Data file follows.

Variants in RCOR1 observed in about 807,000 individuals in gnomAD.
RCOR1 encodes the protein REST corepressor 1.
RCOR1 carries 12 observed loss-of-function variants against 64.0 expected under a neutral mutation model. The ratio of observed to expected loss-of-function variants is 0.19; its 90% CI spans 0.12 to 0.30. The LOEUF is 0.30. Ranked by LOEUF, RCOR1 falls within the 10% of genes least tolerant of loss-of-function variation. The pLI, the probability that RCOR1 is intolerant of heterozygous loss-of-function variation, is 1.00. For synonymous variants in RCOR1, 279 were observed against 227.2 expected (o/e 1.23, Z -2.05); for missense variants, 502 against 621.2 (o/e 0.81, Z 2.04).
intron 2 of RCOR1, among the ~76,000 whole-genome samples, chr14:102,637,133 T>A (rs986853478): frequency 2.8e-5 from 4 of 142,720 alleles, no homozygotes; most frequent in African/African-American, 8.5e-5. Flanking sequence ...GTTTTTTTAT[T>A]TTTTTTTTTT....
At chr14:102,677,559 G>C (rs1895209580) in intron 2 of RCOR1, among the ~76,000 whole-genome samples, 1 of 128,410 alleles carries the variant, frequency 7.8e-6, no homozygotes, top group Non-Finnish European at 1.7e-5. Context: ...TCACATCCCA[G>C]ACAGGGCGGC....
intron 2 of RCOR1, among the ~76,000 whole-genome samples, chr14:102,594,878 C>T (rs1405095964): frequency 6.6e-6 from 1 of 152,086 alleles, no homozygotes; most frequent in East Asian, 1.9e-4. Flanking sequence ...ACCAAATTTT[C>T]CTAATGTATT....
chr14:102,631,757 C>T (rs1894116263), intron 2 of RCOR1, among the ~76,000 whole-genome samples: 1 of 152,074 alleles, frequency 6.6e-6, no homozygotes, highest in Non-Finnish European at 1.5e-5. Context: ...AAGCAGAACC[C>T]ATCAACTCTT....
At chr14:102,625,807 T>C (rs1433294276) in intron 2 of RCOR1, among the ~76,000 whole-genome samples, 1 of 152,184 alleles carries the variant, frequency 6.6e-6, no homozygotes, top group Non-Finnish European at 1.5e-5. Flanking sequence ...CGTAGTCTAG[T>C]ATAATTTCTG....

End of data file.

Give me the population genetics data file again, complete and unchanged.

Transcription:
Variants in RCOR1 observed in about 807,000 individuals in gnomAD.
RCOR1 encodes the protein REST corepressor 1.
RCOR1 carries 12 observed loss-of-function variants against 64.0 expected under a neutral mutation model. The ratio of observed to expected loss-of-function variants is 0.19; its 90% CI spans 0.12 to 0.30. The LOEUF is 0.30. Ranked by LOEUF, RCOR1 falls within the 10% of genes least tolerant of loss-of-function variation. The pLI, the probability that RCOR1 is intolerant of heterozygous loss-of-function variation, is 1.00. For synonymous variants in RCOR1, 279 were observed against 227.2 expected (o/e 1.23, Z -2.05); for missense variants, 502 against 621.2 (o/e 0.81, Z 2.04).
intron 2 of RCOR1, among the ~76,000 whole-genome samples, chr14:102,637,133 T>A (rs986853478): frequency 2.8e-5 from 4 of 142,720 alleles, no homozygotes; most frequent in African/African-American, 8.5e-5. Flanking sequence ...GTTTTTTTAT[T>A]TTTTTTTTTT....
At chr14:102,677,559 G>C (rs1895209580) in intron 2 of RCOR1, among the ~76,000 whole-genome samples, 1 of 128,410 alleles carries the variant, frequency 7.8e-6, no homozygotes, top group Non-Finnish European at 1.7e-5. Context: ...TCACATCCCA[G>C]ACAGGGCGGC....
intron 2 of RCOR1, among the ~76,000 whole-genome samples, chr14:102,594,878 C>T (rs1405095964): frequency 6.6e-6 from 1 of 152,086 alleles, no homozygotes; most frequent in East Asian, 1.9e-4. Flanking sequence ...ACCAAATTTT[C>T]CTAATGTATT....
chr14:102,631,757 C>T (rs1894116263), intron 2 of RCOR1, among the ~76,000 whole-genome samples: 1 of 152,074 alleles, frequency 6.6e-6, no homozygotes, highest in Non-Finnish European at 1.5e-5. Context: ...AAGCAGAACC[C>T]ATCAACTCTT....
At chr14:102,625,807 T>C (rs1433294276) in intron 2 of RCOR1, among the ~76,000 whole-genome samples, 1 of 152,184 alleles carries the variant, frequency 6.6e-6, no homozygotes, top group Non-Finnish European at 1.5e-5. Flanking sequence ...CGTAGTCTAG[T>C]ATAATTTCTG....